HomeLatest NewsJohns Hopkins Study Reignites COVID Lockdown Debate

Johns Hopkins Study Reignites COVID Lockdown Debate

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Recent Johns Hopkins meta-analysis found that lockdowns had no significant mortality benefit in the first wave of 2020 pandemics in Europe and the United States.

The authors of the study said that there is no evidence that lockdowns or school closures, border closings, and limiting gatherings had an effect on COVID-19 deaths. This study was not peer-reviewed. It reflects the views of the authors and not necessarily the university.

However, the study authors found that closing non-essential businesses decreased COVID-19 mortalities by 10.6%. This is most likely due to the closing of bars.

Jonas Herby (special advisor at the Center for Political Studies, Copenhagen, Denmark) stated that the study showed the benefits of lockdowns — in terms fewer deaths — were questionable and small. Herby is co-author of the study and his research focuses on economics and law.

Herby, along with two other economists, wrote the meta-analysis. This is a study or survey of prior studies. It noted that lockdowns can have “devastating consequences” because society has to weather their unintended consequences.

The report stated that they had contributed to the reduction of economic activity, increasing unemployment, reducing schooling and causing political unrest. They also contributed to domestic violence, undermining liberal democracy.

According to The Wall Street Journal, the research directly contradicts the most popular lockdown model led by Neil Ferguson. This was responsible for driving the world’s response COVID-19 that “jarred both the U.S.A. and the U.K. into action.”

Ferguson co-wrote a landmark Nature paper published in June 2020. It estimated that lockdowns in spring that year could have saved three million European lives. Multiple reports have indicated that the study did not include the research as it relied on modeling.

Ferguson posted the following on Science Media Centre, an information hub for scientists and journalists in the United Kingdom.

According to the Guardian, Ferguson resigned from his government position on the Scientific Advisory Group for Emergencies (May 2020) after breaking lockdown protocol when Antonia Staats, his lover, crossed London from their home to visit him at least twice while lockdown measures were in place.

Johns Hopkins researchers admitted that the study had limitations. They excluded Ferguson’s study to avoid biases caused by seasonality and other time-dependent factors. According to a United Kingdom report, papers that examined early lockdowns in China (which suppressed COVID-19 to extremely low death rates) were not included.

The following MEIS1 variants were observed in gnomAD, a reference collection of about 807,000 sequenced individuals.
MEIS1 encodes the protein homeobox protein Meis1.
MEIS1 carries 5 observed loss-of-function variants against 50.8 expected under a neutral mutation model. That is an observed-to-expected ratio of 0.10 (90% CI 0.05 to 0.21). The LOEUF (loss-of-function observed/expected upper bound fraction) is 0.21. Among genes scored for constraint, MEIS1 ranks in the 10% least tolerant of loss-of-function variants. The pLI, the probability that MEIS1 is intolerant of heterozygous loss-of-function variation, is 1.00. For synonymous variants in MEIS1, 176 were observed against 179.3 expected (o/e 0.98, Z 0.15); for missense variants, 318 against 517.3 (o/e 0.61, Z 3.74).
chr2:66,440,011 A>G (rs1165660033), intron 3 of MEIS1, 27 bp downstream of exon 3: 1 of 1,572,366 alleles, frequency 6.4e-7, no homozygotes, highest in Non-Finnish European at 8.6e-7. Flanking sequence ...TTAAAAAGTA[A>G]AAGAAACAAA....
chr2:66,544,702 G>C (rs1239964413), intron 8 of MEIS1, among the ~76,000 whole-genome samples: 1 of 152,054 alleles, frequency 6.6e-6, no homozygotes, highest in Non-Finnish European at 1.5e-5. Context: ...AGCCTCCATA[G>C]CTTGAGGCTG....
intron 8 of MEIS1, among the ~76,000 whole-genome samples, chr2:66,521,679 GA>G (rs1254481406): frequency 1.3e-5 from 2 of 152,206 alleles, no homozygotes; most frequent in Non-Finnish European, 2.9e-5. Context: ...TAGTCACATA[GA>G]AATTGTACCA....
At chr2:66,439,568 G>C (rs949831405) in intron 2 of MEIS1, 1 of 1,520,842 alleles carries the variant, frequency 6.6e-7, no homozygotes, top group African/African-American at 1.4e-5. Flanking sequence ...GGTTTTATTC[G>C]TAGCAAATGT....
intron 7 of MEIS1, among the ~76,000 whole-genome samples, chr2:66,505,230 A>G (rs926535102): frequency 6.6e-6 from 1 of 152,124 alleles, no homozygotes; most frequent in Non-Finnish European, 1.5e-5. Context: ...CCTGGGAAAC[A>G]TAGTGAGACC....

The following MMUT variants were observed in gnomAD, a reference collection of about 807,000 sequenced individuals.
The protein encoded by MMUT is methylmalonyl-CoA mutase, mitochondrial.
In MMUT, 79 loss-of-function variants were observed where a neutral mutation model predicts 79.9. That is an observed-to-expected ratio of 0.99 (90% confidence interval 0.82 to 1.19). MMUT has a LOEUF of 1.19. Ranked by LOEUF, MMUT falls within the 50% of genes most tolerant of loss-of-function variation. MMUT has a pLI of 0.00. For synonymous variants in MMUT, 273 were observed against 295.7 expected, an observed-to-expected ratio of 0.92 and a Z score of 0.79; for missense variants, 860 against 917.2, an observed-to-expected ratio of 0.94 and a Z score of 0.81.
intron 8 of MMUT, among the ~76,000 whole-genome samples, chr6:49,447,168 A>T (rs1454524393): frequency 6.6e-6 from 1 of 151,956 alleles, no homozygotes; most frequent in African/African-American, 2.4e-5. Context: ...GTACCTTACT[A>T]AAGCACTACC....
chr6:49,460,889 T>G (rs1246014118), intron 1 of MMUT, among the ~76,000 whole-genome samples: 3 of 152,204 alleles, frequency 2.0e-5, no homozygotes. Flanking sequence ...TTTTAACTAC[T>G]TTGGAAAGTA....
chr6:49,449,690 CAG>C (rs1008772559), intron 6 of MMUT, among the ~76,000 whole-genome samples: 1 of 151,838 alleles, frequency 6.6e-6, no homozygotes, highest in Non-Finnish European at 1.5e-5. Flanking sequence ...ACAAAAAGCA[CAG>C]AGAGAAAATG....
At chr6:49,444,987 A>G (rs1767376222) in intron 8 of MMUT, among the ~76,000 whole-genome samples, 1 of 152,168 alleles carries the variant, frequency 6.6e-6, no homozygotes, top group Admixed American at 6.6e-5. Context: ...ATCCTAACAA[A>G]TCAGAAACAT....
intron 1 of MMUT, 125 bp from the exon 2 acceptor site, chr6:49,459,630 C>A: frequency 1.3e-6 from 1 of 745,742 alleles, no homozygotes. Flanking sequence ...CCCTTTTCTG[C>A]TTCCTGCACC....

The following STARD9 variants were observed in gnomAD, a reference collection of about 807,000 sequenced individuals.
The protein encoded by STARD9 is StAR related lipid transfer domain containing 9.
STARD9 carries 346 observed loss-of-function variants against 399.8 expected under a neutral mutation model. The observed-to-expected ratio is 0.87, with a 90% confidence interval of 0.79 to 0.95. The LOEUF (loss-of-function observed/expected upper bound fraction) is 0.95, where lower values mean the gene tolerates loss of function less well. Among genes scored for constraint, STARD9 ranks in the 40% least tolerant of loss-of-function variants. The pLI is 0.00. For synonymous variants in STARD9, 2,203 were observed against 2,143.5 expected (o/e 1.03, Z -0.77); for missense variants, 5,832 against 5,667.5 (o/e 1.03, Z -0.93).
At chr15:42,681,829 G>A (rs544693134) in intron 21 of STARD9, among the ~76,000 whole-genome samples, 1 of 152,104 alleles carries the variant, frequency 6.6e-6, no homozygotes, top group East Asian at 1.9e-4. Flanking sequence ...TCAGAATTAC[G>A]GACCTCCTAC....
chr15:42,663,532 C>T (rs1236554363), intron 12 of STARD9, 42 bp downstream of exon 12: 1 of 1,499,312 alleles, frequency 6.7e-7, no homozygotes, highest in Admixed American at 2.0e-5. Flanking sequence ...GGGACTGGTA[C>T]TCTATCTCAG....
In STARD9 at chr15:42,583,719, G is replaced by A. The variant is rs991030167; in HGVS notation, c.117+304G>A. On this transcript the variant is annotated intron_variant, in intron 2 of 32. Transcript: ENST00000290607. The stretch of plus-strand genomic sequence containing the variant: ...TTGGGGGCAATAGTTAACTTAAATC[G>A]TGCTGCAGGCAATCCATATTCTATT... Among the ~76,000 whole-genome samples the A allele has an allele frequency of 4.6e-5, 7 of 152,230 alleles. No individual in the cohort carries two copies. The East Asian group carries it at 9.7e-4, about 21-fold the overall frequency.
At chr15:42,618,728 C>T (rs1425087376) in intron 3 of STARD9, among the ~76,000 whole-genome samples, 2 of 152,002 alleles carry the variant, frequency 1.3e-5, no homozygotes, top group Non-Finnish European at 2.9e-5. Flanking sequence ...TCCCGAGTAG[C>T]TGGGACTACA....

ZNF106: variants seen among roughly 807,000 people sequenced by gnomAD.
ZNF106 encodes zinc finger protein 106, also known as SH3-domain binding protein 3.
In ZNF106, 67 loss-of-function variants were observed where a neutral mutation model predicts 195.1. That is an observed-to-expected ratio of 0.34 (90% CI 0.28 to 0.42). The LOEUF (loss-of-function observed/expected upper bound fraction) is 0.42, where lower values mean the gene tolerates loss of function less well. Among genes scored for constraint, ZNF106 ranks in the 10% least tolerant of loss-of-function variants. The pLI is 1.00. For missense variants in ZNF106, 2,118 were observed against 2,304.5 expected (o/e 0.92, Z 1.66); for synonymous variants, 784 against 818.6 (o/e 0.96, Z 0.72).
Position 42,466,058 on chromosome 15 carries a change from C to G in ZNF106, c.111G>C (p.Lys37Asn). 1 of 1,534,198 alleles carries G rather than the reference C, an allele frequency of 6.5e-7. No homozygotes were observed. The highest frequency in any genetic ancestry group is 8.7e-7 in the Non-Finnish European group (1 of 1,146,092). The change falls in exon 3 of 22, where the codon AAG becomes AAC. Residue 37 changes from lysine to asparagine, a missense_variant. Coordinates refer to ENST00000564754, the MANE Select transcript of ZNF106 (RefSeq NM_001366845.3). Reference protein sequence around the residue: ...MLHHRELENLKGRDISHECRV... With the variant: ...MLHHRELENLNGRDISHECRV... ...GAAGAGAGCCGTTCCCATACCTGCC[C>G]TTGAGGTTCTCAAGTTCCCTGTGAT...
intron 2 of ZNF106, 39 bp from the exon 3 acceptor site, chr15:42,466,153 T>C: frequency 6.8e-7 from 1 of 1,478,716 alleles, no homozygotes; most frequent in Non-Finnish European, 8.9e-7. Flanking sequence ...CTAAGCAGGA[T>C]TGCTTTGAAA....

Multiple reports indicate that lockdowns continue to experience aftershocks even after their lockdowns were lifted.

“The virus has long-term consequences for your health, including long COVID and long-term mental health effects from the death of a parent, spouse or grandparent due to COVID-19,” stated Dr. Julie Vaishampayan who is chair of the public health committee of the Infectious Diseases Society of America.

“The measures taken to slow down the spread are likely to have long-lasting health effects.”

The Centers for Disease Control and Prevention discovered that 41% of Americans delayed or avoided getting medical care due to COVID-19 concerns. This includes 12% who did not seek urgent or emergency care and 32% of those who ignored routine care. According to the past Morbidity and Mortality Weekly Report, those findings showed a higher prevalence in people with multiple medical conditions, Black and Hispanic adults, and young adults with disabilities.

According to a New York Times report, most students are back at school but many struggles academically due to the effects of months of online learning. Others, however, have chosen to change schools or drop out.

The Times noted that students still feel lonely and anxious and that they believe the system has failed and given them responsibilities that aren’t theirs.

“Today’s children will have to bear this burden along with diminished skill, thanks to distance-learning disaster demanded so many so-called experts on public health,” stated James Freeman, assistant editor at The Wall Street Journal’s editorial Page and frequent host of Fox Nation’s “Deep Dive”.

The New England Journal of Medicine examined the psychological effects of quarantined people and found that some of these emotional outcomes remained after the quarantine was lifted.

Jen Psaki, White House press secretary, stated that the president had made it clear that he is not pushing lockdowns and that he has not been pro-lockdown. This was in response to being asked about the Johns Hopkins paper during a recent press conference.

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